Designer Spotlight: Reiner Knizia


Reiner Knizia is the most prolific designer I know of.  He has designed not only a tremendous number of games over the years, but a tremendous number of good games.

He has achieved a great deal personally and for the hobby in general – he is one of the few designers whose games can be found in high-street stores all over the world.  Let’s have a look at a few Knizia classics.

Reiner KniziaName: Reiner Knizia

Age: 60

Nationality: German

Year of first published game: 1985

Highest ranked game on BGG: Tigris and Euphrates

Known for:

Selected Awards:

  • 2006 Golden Geek, Best Family Game (Ingenious)
  • 2008 Kinderspiel des Jahres (Whoowasit?)
  • 2008 Spiel des Jahres (Keltis)
  • 2010 Golden Geek, Best Abstract Game (FITS)
  • 2011 BGG Favourite Board Game Designer

Many of Reiner Knizia’s games are aimed at families.  His heavier games tend to be more abstract.  I find, like many Euro-game designers, that his games aren’t very thematic, but they are always solid.  I never get too excited about his games, but the thing is, you just can’t go wrong with them either.

There are so many Reiner Knizia games to choose from, it’s hard to know where to start!  I’ve chosen two games that he’s particularly well known for and one because it’s my favourite.

Tigris and EuphratesTigris and Euphrates

Players: 2 – 4

Time: 90 mins

Tigris and Euphrates is considered by many to be Knizia’s best game.  It’s a fairly abstract area-control game of sorts.

Players are placing tiles on a board that join together to form cities.  Players are also placing leaders into these cities in an effort to get points.  When a tile is placed in a city, the player who has a leader of the matching colour gets points.  Rather unusually, players aren’t using pieces of one colour, but rather pieces of one shape (eg. lion, urn, etc.).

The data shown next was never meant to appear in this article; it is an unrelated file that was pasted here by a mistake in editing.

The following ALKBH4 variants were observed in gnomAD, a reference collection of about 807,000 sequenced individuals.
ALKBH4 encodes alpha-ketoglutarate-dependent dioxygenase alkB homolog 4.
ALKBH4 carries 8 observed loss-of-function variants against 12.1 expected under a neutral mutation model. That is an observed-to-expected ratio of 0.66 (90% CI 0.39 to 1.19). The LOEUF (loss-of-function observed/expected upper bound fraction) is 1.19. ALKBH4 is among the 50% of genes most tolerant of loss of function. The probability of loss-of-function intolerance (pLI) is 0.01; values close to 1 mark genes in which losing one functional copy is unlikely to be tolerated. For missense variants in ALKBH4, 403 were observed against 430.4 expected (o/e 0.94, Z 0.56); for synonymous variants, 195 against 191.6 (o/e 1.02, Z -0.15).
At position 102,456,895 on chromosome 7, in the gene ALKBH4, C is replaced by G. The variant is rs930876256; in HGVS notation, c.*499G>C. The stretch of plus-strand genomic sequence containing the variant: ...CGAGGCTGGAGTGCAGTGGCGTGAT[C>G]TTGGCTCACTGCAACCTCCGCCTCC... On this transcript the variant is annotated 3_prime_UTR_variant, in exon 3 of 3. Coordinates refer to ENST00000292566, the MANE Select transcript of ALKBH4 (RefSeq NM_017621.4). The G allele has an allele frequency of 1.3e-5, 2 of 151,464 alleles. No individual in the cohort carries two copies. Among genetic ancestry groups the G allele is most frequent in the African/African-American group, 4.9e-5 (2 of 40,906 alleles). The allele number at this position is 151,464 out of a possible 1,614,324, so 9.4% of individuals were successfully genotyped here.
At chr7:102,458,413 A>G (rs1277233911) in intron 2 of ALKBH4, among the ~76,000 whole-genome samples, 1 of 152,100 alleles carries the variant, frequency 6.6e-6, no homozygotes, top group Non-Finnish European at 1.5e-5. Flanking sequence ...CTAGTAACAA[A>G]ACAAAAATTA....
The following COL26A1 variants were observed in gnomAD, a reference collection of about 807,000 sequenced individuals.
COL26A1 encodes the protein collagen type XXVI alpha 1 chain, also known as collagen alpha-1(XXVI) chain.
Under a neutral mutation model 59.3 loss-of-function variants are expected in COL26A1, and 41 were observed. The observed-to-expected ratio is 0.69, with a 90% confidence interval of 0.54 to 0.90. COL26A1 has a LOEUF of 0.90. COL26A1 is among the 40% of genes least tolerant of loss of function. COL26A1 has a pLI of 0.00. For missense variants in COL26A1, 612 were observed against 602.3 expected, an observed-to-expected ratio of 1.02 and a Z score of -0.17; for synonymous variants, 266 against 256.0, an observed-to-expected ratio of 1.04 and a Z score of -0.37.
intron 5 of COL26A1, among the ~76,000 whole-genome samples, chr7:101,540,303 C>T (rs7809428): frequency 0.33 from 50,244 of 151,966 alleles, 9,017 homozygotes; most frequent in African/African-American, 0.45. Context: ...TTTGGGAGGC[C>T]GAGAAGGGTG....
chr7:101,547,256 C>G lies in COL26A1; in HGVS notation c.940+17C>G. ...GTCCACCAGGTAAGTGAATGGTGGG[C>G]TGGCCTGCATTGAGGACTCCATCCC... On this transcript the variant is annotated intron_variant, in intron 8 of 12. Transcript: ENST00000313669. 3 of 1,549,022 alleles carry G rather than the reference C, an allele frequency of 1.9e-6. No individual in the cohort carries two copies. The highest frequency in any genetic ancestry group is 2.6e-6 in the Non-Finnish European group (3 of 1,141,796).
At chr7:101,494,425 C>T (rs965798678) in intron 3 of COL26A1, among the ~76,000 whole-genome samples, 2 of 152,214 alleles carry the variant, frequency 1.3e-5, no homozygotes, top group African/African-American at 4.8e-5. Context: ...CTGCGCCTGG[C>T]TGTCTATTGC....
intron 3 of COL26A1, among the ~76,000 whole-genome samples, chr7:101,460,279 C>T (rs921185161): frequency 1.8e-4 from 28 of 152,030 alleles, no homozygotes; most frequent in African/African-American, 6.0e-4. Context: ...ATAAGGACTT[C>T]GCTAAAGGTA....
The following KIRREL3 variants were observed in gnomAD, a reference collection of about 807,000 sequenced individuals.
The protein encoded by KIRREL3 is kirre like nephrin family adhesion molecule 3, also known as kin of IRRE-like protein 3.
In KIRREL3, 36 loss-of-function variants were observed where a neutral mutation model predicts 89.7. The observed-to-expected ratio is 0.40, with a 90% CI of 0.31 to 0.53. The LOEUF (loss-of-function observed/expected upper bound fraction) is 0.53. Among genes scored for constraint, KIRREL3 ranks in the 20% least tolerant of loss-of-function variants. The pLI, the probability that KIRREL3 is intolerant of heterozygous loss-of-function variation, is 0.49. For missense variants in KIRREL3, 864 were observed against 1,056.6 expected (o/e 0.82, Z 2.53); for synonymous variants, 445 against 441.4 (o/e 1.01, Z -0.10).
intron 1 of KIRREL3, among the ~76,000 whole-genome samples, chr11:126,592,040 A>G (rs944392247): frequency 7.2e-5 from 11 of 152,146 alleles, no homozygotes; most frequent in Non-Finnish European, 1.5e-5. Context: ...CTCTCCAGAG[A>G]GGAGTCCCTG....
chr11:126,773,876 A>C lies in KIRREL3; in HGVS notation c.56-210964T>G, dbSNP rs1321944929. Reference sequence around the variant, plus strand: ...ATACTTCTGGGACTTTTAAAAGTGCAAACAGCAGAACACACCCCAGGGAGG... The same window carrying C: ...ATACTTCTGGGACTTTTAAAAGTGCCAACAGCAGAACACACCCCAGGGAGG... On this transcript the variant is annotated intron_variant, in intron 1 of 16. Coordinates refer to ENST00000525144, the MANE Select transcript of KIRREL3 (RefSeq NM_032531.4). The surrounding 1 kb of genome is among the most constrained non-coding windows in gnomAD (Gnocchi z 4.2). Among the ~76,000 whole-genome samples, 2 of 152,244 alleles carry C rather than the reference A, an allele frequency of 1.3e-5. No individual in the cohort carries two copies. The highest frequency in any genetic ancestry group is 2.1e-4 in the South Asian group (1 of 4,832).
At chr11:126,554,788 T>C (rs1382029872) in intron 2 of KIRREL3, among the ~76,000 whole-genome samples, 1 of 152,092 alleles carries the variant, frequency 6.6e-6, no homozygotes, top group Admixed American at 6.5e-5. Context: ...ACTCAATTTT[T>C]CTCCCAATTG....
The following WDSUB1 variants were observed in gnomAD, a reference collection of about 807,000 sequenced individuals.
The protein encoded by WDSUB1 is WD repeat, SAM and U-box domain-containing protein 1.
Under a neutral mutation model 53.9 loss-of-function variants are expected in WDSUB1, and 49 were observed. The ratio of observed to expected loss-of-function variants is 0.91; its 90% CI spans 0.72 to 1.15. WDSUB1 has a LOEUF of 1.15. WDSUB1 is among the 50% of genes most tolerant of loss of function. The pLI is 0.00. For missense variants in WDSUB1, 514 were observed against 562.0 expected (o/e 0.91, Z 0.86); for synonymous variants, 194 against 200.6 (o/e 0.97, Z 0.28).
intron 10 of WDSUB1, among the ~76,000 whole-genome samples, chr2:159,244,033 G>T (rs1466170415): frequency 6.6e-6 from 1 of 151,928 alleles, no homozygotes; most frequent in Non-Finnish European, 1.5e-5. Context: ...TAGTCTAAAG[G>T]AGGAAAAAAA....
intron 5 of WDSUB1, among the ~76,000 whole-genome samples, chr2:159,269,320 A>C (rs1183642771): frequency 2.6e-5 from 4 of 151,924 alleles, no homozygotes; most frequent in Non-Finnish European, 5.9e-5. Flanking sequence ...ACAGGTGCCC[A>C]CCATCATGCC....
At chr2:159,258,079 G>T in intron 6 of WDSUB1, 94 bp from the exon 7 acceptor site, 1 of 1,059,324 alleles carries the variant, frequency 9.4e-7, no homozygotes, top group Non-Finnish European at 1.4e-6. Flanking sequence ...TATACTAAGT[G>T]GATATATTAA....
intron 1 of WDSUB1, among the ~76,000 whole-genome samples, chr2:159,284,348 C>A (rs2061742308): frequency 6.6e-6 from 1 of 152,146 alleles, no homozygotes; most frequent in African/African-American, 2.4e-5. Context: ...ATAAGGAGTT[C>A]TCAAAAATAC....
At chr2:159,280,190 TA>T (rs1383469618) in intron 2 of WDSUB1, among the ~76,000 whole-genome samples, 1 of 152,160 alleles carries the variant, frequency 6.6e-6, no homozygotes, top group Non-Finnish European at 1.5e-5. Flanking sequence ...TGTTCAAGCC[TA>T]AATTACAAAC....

When someone places a tile that causes two cities to be joined together, a war breaks out and players who have the same coloured leaders in the newly joined super-city have to compare the number of tiles of that colour in each city to determine the winner.  The loser’s tiles are discarded and the winner gets more points.

The really interesting thing is that you’re collecting points in the four different colours: red points, black points, blue points and green points.  But your final score is the number of points you have of your lowest scoring colour.  So if you have 20 red, 24 black, 18 blue and 5 green points, then your final score is 5.  This forces you to diversify and not spend too much time going after the same cities.

I find it rather dry personally, but if you like abstract war games, they don’t get much better than this.  The mechanism of counting your lowest scoring colour is clever, and gives you lots to think about in terms of strategy, but I find it frustrating if I do particularly well in one colour.  I want to be rewarded for doing well instead of rewarded for being the least worst!

Lost CitiesLost Cities

Players: 2

Time: 30 mins

Lost Cities is a small, two-player card game (although it uses oversized cards for some reason).  Players are collecting cards in five different colours and then attempting to play them from smallest to largest in each colour (each card is numbered from 1 to 10) on their side of the board.